Cer­tainty in set­ting an ac­cept­able level of debt

Business Day - Business Law and Tax Review - - BUSINESS LAW & TAX REVIEW - Peter Dachs & Bernard du Plessis

THE con­cept of base ero­sion and profit shift­ing has been much dis­cussed at var­i­ous in­ter­na­tional fo­rums, but in­creas­ingly also in SA. It was a hot topic at the G20 fi­nance min­is­ters and cen­tral bank gov­er­nors meet­ing in July 2013 in Moscow as well as the G20 heads of state meet­ing in Septem­ber 2013.

From a South African per­spec­tive, the Davis Tax Com­mit­tee has been set up, among oth­ers, in or­der to ad­dress the is­sue of base ero­sion and profit shift­ing in a South African con­text. The com­mit­tee re­leased its in­terim re­port in De­cem­ber. This re­port in­cludes an an­nex­ure deal­ing with debt/eq­uity is­sues.

In SA the gen­eral rule is that in­ter­est is de­ductible for tax pur­poses while div­i­dends are not. This ap­plies even in cir­cum­stances where the div­i­dends are in the form of in­ter­est­type pay­ments on re­deemable pref­er­ence shares, which them­selves es­sen­tially repli­cate debt.

The is­sue of debt ver­sus eq­uity and the tax de­ductibil­ity of in­ter­est ver­sus div­i­dends has con­sumed much of the leg­is­la­ture’s time in re­cent years. The con­cern is that high lev­els of debt, par­tic­u­larly in a cross-bor­der con­text, may lead to an ero­sion of the South African tax base.

Thin cap­i­tal­i­sa­tion refers to the sit­u­a­tion in which a com­pany is fi­nanced through a rel­a­tively high level of debt com­pared to eq­uity. Do­mes­tic rules typ­i­cally al­low a de­duc­tion for in­ter­est. The higher the level of debt in a com­pany and con­se­quently the greater amount of in­ter­est it pays, the lower will be its tax­able prof­its. In re­gards to fi­nance, debt can there­fore be seen as more tax ef­fi­cient than eq­uity.

The de­ductibil­ity of in­ter­est can give rise to dou­ble non-tax­a­tion in both in­bound and out­bound in­vest­ment sce­nar­ios.

With in­bound in­vest­ment, the con­cern is mostly with loans from a re­lated en­tity in a low-tax regime, cre­at­ing in­ter­est de­duc­tions for the bor­rower with­out a cor­re­spond­ing in­ter­est in­come in­clu­sion by the lender. The re­sult is that the in­ter­est pay­ments are de­ducted against the tax­able prof­its of the bor­rower while the in­ter­est in­come is taxed favourably or not at all.

For out­bound in­vest­ment, a com­pany may use debt to fi­nance the pro­duc­tion of ex­empt or de­ferred in­come, claim­ing a de­duc­tion for in­ter­est ex­pense while de­fer­ring or ex­empt­ing the re­lated in­come.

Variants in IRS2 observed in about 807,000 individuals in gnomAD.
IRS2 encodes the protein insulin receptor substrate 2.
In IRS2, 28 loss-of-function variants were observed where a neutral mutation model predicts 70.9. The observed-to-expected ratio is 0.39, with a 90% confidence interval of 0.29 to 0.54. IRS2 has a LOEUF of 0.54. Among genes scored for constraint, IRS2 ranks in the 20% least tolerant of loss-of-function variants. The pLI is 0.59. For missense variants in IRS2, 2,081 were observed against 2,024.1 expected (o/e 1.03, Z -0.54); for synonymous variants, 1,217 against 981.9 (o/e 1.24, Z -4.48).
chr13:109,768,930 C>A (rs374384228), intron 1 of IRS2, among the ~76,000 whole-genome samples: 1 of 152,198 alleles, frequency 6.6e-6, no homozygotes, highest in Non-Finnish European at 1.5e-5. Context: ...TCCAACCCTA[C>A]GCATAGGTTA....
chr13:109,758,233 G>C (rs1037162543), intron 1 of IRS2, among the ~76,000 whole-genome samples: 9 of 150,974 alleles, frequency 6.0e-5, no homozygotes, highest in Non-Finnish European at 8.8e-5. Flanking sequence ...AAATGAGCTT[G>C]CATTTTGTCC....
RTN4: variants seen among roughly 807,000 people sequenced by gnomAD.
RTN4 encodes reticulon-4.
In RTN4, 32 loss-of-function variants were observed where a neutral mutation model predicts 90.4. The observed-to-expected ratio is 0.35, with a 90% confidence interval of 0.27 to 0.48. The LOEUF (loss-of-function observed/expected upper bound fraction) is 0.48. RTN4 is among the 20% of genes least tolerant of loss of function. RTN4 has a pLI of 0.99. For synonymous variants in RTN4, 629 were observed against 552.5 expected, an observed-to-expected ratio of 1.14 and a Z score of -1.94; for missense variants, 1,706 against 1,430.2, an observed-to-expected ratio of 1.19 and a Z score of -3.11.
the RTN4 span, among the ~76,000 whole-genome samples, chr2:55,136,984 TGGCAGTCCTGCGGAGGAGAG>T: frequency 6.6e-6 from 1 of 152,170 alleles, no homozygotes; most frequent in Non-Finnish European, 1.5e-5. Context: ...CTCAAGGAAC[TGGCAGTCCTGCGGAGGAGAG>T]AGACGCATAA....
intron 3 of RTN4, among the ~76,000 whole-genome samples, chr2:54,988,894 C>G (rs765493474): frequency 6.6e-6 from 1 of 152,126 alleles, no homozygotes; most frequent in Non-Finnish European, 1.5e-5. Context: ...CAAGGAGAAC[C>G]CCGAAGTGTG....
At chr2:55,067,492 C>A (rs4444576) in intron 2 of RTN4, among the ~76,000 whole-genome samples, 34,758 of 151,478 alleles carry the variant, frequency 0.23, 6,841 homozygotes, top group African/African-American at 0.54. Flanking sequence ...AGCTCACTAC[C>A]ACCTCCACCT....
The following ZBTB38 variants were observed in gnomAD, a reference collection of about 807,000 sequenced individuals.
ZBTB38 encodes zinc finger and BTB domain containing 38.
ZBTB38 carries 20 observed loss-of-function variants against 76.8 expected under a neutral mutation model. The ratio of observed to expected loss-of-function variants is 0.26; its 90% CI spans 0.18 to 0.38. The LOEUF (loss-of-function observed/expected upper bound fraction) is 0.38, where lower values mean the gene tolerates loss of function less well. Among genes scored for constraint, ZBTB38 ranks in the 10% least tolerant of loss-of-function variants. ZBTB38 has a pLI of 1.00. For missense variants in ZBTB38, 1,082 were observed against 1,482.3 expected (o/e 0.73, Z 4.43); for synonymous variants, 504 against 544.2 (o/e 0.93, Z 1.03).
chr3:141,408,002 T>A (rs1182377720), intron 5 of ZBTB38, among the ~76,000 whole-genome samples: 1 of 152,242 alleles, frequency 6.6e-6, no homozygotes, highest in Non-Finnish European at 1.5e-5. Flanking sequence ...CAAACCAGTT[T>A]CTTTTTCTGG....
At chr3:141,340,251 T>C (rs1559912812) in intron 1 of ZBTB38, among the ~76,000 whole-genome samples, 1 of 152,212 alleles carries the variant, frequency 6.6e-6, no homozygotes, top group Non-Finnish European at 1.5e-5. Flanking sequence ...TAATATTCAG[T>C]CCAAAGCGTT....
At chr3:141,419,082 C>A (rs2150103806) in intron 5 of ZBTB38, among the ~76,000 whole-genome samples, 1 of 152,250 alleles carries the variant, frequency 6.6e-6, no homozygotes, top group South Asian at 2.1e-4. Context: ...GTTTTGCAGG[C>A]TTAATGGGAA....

Do­mes­tic tax au­thor­i­ties of­ten in­tro­duce rules that place a limit on the amount of in­ter­est that can be de­ducted in cal­cu­lat­ing the mea­sure of a com­pany’s profit for tax pur­poses. From a pol­icy per­spec­tive, fail­ure to tackle ex­ces­sive in­ter­est pay­ments to as­so­ci­ated en­ter­prises gives multi­na­tional en­ter­prises an ad­van­tage over purely do­mes­tic busi­nesses that are un­able to gain such tax ad­van­tages.

SA in­tro­duced thin cap­i­tal­i­sa­tion rules in 1995. From 1 April 2012, thin cap­i­tal­i­sa­tion is gov­erned by the gen­eral trans­fer pric­ing pro­vi­sions of subsec­tion 31(2) of the In­come Tax Act. Tax­pay­ers must now de­ter­mine the ac­cept­able amount of debt on an arm’s length ba­sis.

There­fore, to the ex­tent that the ac­tual terms and con­di­tions of an af­fected trans­ac­tion dif­fer from those that would have been agreed if the lender and bor­rower had been trans­act­ing at arm’s length and this dif­fer­ence re­sults in a tax ben­e­fit, the in­ter­est, fi­nance charges and other con­sid­er­a­tion re­lat­ing to the ex­ces­sive por­tion of the debt will be dis­al­lowed as a de­duc­tion.

With the in­tro­duc­tion of the new trans­fer pric­ing rules, the is­sue of thin cap­i­tal­i­sa­tion has be­come part of the trans­fer pric­ing man­date. Thus, the old thin cap­i­tal­i­sa­tion rules have been deleted. With this dele­tion, the pre­vi­ous 3:1 debt-to-eq­uity ra­tio safe har­bour also no longer ap­plies.